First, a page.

SNAP Illusionists Make Reality Disappear

As part of The Lincoln Center’s commitment to bringing new and unique experiences to Northern Colorado, The Lincoln Center is excited to host the North American debut of the imaginative and awe-inspiring South Korean illusionists SNAP on January 26.

But don’t worry, you don’t need to speak Korean to understand the show. “We only use the language of movement and miming,” says Casa Kim, the art director of Gruejarm Production, SNAP’s South Korean production company. “There are no words, so even young children can enjoy the show.”

SNAP’s story follows three tricksters who happen upon a door that transcends time and space. As they move through their dream-like world, the tricksters meet magical beings that they help as they try to return to reality.

Plus, if SNAP’s presence on the international magic scene means anything, audiences are guaranteed to enjoy the show. SNAP has been invited to perform at festivals worldwide, including the Edinburgh Fringe Festival. When asked about their popularity, Kim says, “I think there are a lot of reasons. We give a fresh perspective to magic because not only do we add an overarching narrative, but we combine many different genres from an East Asian perspective.”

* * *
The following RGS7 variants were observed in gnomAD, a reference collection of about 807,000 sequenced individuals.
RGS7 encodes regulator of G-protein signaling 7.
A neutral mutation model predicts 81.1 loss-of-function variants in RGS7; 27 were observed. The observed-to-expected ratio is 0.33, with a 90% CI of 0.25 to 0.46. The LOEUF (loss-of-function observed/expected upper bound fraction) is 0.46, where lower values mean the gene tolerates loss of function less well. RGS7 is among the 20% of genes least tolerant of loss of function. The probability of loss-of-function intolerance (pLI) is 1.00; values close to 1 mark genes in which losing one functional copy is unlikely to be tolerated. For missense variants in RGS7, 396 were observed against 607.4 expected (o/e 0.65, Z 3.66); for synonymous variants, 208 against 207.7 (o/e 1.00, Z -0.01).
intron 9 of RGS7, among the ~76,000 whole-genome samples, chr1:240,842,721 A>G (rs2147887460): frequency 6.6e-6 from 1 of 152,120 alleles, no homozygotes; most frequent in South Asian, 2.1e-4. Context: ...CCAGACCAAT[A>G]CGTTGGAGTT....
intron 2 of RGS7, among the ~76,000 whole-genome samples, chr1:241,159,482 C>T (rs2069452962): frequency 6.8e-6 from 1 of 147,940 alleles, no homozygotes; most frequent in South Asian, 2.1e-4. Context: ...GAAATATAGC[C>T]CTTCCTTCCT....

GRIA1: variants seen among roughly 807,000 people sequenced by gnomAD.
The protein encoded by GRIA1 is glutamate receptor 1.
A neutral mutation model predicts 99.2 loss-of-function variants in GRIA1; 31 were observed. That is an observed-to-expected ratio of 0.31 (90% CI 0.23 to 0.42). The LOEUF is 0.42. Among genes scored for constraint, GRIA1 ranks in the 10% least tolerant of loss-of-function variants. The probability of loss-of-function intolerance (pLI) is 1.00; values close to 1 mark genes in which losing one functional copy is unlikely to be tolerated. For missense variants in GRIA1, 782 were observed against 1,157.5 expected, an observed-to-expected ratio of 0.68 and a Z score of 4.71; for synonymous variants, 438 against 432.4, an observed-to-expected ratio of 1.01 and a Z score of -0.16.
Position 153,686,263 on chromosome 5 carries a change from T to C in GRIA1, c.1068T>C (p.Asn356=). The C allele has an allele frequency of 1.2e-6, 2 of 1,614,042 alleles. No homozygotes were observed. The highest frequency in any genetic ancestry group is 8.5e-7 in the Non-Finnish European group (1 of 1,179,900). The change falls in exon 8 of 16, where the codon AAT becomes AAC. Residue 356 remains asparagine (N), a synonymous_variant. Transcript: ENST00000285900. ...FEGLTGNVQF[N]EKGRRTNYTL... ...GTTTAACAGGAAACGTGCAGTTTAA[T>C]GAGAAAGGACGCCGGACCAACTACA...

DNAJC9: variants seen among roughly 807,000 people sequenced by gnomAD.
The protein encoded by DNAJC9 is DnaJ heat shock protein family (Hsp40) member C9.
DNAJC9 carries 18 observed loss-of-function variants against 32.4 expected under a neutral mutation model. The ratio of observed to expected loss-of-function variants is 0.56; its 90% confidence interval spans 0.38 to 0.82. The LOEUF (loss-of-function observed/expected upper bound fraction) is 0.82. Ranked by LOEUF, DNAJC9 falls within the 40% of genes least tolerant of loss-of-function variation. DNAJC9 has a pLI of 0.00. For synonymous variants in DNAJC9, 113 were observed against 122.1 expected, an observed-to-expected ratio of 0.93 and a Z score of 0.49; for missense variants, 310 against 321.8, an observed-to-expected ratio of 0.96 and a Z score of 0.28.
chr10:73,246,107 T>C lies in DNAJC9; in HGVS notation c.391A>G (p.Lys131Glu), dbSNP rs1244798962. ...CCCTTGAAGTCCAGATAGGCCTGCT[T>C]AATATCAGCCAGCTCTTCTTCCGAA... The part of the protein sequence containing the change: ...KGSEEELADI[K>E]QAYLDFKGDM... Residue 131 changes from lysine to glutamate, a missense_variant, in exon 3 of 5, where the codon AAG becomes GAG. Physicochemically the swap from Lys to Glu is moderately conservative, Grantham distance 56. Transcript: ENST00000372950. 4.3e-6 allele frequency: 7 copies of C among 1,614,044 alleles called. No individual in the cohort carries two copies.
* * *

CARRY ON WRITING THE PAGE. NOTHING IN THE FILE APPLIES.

Korean magic has been establishing a name for itself over the past decade, with South Korean magicians winning big at The World Championship of Magic (hosted by the Fédération Internationale des Sociétés Magiques). “Those winning magicians worked together to create SNAP along with international award-winning dancers and choreographers,” Kim says.

“Korean magic is unique because it’s creative and uses high-level hand techniques. Most of our performers started very young and all of them have a deep passion for the craft,” says Kim, who goes on to joke, “though some of them started practicing magic to escape from the stress of doing schoolwork.”

Produced by South Korean performing arts group, Gruejarm Productions, SNAP is a perfect encapsulation of what the word “gruejarm” means. Gruejarm is a Korean word that signifies the unreal time between waking up and falling back asleep. “Our goal is to create performances that teeter on the edge of reality and fantasy,” says Kim, and SNAP does exactly that.

Come explore the world of dreams with the masters of prestidigitation, SNAP, January 26, 2024 at The Lincoln Center. Tickets start from $15 at